He was not only the first television broadcaster to show a race live at Mosport Park back in the 1960s but his – and CTV’s – support of Formula Atlantic racing in the 1970s helped to put that series on the international auto racing map.
So I was thinking about all that Friday as hymns were sung and tributes paid, the most enlightening and emotional delivered by retired figure skating champion, and former MP, Otto Jelinek.
Jelinek told of how he auditioned to be a colour commentator on CTV telecasts of national and international figure-skating competitions and how he wasn’t really very good.
But rather than reject him, Jelinek said, Esaw spent months with him, two nights a week, coaching him on style and delivery.
“He would drive out to Bronte, west of Oakville,” Jelinek reminisced. “I was living with my parents and we would go down to a dark cellar and he would put on tapes of figure skating and work with me on my analysis. He was my mentor.”
Calling him a visionary, Jelinek said figure skating in Canada wouldn’t be where it is today if it hadn’t been for Esaw. “He took what was essentially a recreational sport and made it a spectacle for the masses.”
He did as much, or more, for football, international hockey, horse racing – you name it. He was a national treasure because much of what we enjoy in television sports in Canada had its genesis in him.
The late Chris Economaki, when he would bid farewell to a friend in print, would use the acronym for rest in peace. In that tradition, I’ll end this simply by saying:
Notes: Blackberry (formerly RIM of Waterloo), which has entered into a sponsorship agreement with Mercedes F1, will sponsor F1 practice sessions on TSN for the rest of the 2013 season. That means on F1 weekends, TSN will broadcast a Friday practice session live, Saturday qualifying and the race on Sunday. Bravo TSN, bravo Blackberry. . . Qualifying will be over in Shanghai by the time you read this (likely . . .) but the three-time world champion Sebastian Vettel had not been particularly quick in either of the two practice sessions on Friday. Of course, we’ve seen that from him before: he lulls his rivals into a false sense of security and then goes out in qualifying and crushes everybody. . .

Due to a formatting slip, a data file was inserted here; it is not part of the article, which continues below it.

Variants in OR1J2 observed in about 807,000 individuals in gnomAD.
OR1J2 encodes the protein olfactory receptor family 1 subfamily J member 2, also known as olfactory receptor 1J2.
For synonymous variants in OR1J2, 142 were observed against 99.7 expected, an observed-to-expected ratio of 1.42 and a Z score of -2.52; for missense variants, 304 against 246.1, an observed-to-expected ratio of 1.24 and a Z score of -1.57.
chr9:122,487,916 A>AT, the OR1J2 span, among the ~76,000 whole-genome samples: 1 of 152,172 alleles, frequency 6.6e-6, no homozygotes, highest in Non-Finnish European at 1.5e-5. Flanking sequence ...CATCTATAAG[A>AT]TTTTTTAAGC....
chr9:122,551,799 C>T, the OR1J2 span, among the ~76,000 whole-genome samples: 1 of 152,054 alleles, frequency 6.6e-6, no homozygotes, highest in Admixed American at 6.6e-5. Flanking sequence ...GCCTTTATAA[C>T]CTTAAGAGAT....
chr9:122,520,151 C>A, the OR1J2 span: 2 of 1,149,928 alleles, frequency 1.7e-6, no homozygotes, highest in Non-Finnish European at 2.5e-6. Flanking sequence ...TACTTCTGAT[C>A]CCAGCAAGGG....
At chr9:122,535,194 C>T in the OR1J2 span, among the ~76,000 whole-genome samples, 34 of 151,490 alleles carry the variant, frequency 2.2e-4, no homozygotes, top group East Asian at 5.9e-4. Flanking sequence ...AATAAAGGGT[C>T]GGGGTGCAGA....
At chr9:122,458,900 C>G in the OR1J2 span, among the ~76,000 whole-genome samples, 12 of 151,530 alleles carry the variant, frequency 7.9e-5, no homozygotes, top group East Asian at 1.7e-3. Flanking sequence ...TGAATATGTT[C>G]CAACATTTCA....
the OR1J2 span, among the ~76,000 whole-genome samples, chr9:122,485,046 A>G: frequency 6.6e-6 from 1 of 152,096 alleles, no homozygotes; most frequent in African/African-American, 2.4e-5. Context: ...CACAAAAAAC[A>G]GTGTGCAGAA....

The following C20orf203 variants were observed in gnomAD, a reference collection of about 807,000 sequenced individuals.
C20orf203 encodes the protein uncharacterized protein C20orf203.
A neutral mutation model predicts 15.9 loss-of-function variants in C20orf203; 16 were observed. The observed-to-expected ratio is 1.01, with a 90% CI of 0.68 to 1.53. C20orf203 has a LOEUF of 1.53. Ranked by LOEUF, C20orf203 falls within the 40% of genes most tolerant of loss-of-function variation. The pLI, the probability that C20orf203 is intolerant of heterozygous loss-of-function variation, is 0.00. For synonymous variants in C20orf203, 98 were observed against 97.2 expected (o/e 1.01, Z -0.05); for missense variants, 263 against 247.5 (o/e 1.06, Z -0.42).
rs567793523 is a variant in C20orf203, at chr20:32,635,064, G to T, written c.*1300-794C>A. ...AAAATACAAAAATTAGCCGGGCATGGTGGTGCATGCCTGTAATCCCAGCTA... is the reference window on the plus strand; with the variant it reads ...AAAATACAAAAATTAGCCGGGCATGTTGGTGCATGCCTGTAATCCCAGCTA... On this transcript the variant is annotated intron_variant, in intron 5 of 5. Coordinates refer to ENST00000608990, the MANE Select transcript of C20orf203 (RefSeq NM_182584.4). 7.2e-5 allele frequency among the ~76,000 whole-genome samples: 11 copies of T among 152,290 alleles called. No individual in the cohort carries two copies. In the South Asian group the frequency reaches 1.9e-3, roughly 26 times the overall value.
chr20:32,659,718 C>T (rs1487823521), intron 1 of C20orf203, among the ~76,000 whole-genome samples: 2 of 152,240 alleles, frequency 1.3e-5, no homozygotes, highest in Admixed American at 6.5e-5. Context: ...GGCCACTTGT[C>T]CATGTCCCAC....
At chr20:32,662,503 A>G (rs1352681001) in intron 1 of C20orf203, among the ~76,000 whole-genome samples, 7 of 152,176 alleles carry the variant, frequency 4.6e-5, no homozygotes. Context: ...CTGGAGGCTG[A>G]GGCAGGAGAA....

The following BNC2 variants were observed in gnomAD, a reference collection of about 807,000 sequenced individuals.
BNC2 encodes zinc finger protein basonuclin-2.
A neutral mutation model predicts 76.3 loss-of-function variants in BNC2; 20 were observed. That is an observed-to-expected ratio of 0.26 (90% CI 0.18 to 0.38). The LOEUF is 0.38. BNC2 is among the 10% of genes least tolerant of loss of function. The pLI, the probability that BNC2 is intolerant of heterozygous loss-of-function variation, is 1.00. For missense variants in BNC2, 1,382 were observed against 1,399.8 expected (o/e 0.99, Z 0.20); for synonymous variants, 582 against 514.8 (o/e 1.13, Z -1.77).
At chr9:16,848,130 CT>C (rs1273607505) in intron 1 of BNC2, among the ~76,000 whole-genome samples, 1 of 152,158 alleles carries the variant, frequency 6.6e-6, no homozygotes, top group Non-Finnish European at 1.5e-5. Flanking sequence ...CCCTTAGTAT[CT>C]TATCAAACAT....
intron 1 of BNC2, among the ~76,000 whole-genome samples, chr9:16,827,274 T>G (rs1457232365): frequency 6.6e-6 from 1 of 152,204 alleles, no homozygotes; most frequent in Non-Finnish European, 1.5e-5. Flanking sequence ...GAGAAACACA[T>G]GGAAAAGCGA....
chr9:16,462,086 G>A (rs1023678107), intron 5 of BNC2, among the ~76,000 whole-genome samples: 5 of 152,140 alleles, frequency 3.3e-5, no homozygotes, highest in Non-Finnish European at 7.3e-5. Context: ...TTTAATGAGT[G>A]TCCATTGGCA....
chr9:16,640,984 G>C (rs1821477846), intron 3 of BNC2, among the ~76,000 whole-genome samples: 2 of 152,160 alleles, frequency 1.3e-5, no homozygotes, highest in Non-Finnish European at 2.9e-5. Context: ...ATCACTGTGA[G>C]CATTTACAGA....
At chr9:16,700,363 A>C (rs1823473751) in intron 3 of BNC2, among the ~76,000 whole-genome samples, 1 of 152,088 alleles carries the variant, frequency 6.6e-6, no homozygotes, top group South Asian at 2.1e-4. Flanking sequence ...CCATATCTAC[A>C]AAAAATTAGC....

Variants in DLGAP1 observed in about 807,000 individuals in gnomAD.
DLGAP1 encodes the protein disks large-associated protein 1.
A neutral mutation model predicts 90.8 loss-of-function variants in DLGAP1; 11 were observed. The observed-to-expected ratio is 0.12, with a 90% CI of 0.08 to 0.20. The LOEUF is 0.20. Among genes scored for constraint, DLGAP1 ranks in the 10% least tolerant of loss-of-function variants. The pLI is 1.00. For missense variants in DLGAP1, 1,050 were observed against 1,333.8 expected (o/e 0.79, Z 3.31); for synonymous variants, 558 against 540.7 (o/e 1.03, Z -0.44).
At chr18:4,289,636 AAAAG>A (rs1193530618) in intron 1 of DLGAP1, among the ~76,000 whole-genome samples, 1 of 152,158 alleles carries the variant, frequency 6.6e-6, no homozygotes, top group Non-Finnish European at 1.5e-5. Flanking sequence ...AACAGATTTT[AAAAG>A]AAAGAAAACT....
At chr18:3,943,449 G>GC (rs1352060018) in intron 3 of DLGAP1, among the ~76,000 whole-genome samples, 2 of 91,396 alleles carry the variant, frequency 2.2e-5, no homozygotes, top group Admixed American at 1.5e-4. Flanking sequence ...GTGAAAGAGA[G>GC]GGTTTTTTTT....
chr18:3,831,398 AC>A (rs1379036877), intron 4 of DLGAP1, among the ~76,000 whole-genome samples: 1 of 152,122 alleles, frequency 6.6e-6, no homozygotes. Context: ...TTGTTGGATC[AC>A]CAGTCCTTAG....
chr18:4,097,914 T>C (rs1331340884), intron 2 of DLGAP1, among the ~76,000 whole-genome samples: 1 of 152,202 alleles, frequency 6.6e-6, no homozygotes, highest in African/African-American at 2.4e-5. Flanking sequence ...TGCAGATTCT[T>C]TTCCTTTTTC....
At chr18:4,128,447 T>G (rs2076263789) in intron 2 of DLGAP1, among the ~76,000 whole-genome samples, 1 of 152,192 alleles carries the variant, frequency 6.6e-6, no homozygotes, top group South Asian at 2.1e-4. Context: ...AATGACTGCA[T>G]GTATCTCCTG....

Helmut Marko made headlines for himself again this week by telling everybody who would listen that, a) there would be no more team orders at Red Bull Racing after the “misunderstanding” at Malaysia and, b) he really didn’t mean what he said in Red Bull’s own publication about Mark Webber.
Marko does an awful lot of talking for somebody who doesn’t have all that much power at Red Bull. Yes, he is the director of driver development (his official title is motorsport director) but — translated — that means he’s in charge of drivers in the minor leagues.